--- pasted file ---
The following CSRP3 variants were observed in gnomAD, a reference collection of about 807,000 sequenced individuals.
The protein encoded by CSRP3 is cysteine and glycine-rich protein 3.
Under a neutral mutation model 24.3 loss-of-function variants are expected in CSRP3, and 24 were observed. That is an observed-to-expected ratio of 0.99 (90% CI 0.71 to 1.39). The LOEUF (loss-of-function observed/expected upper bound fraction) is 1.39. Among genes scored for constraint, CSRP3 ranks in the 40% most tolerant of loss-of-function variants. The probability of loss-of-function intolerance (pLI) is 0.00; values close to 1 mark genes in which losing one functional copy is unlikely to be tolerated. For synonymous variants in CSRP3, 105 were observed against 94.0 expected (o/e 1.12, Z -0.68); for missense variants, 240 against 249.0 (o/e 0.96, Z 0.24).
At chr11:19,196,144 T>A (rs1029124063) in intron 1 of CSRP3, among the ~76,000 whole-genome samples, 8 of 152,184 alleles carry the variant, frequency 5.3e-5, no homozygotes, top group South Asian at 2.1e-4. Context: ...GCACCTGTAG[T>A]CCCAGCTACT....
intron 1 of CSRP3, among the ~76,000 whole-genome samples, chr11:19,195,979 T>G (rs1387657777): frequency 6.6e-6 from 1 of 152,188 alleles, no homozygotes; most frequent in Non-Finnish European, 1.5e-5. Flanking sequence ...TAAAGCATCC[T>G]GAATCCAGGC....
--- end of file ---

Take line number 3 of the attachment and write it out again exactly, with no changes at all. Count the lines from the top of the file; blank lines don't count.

Under a neutral mutation model 24.3 loss-of-function variants are expected in CSRP3, and 24 were observed. That is an observed-to-expected ratio of 0.99 (90% CI 0.71 to 1.39). The LOEUF (loss-of-function observed/expected upper bound fraction) is 1.39. Among genes scored for constraint, CSRP3 ranks in the 40% most tolerant of loss-of-function variants. The probability of loss-of-function intolerance (pLI) is 0.00; values close to 1 mark genes in which losing one functional copy is unlikely to be tolerated. For synonymous variants in CSRP3, 105 were observed against 94.0 expected (o/e 1.12, Z -0.68); for missense variants, 240 against 249.0 (o/e 0.96, Z 0.24).